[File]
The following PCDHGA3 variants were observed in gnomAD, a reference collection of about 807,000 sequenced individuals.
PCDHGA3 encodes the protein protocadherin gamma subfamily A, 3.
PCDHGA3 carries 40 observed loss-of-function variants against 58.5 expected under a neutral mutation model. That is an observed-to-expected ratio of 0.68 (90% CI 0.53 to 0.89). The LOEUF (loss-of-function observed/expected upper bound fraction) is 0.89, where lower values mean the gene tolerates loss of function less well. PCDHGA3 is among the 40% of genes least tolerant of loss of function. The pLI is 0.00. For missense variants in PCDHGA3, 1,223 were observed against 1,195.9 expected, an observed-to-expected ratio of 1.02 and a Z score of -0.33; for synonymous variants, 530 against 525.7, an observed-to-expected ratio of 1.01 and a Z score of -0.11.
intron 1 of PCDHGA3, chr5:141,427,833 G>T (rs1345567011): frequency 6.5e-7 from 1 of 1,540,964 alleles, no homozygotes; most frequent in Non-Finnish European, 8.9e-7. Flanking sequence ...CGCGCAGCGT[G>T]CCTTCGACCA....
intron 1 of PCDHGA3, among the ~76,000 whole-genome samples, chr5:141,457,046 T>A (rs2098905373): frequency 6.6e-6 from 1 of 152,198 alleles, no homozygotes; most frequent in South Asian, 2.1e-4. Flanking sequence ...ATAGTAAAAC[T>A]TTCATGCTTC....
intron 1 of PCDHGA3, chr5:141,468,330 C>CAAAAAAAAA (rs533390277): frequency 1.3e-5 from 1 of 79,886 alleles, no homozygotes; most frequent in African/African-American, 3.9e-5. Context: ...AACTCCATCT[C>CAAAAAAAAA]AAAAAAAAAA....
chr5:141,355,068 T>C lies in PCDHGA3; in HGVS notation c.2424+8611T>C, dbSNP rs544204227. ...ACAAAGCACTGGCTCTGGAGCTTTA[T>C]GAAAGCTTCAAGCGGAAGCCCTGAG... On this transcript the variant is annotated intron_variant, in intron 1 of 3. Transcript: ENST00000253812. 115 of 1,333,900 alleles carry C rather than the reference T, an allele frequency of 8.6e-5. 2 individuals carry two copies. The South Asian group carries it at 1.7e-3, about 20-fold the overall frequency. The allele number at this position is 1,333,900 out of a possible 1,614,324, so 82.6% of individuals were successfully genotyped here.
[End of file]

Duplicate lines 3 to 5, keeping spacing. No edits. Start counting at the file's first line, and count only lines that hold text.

PCDHGA3 carries 40 observed loss-of-function variants against 58.5 expected under a neutral mutation model. That is an observed-to-expected ratio of 0.68 (90% CI 0.53 to 0.89). The LOEUF (loss-of-function observed/expected upper bound fraction) is 0.89, where lower values mean the gene tolerates loss of function less well. PCDHGA3 is among the 40% of genes least tolerant of loss of function. The pLI is 0.00. For missense variants in PCDHGA3, 1,223 were observed against 1,195.9 expected, an observed-to-expected ratio of 1.02 and a Z score of -0.33; for synonymous variants, 530 against 525.7, an observed-to-expected ratio of 1.01 and a Z score of -0.11.
intron 1 of PCDHGA3, chr5:141,427,833 G>T (rs1345567011): frequency 6.5e-7 from 1 of 1,540,964 alleles, no homozygotes; most frequent in Non-Finnish European, 8.9e-7. Flanking sequence ...CGCGCAGCGT[G>T]CCTTCGACCA....
intron 1 of PCDHGA3, among the ~76,000 whole-genome samples, chr5:141,457,046 T>A (rs2098905373): frequency 6.6e-6 from 1 of 152,198 alleles, no homozygotes; most frequent in South Asian, 2.1e-4. Flanking sequence ...ATAGTAAAAC[T>A]TTCATGCTTC....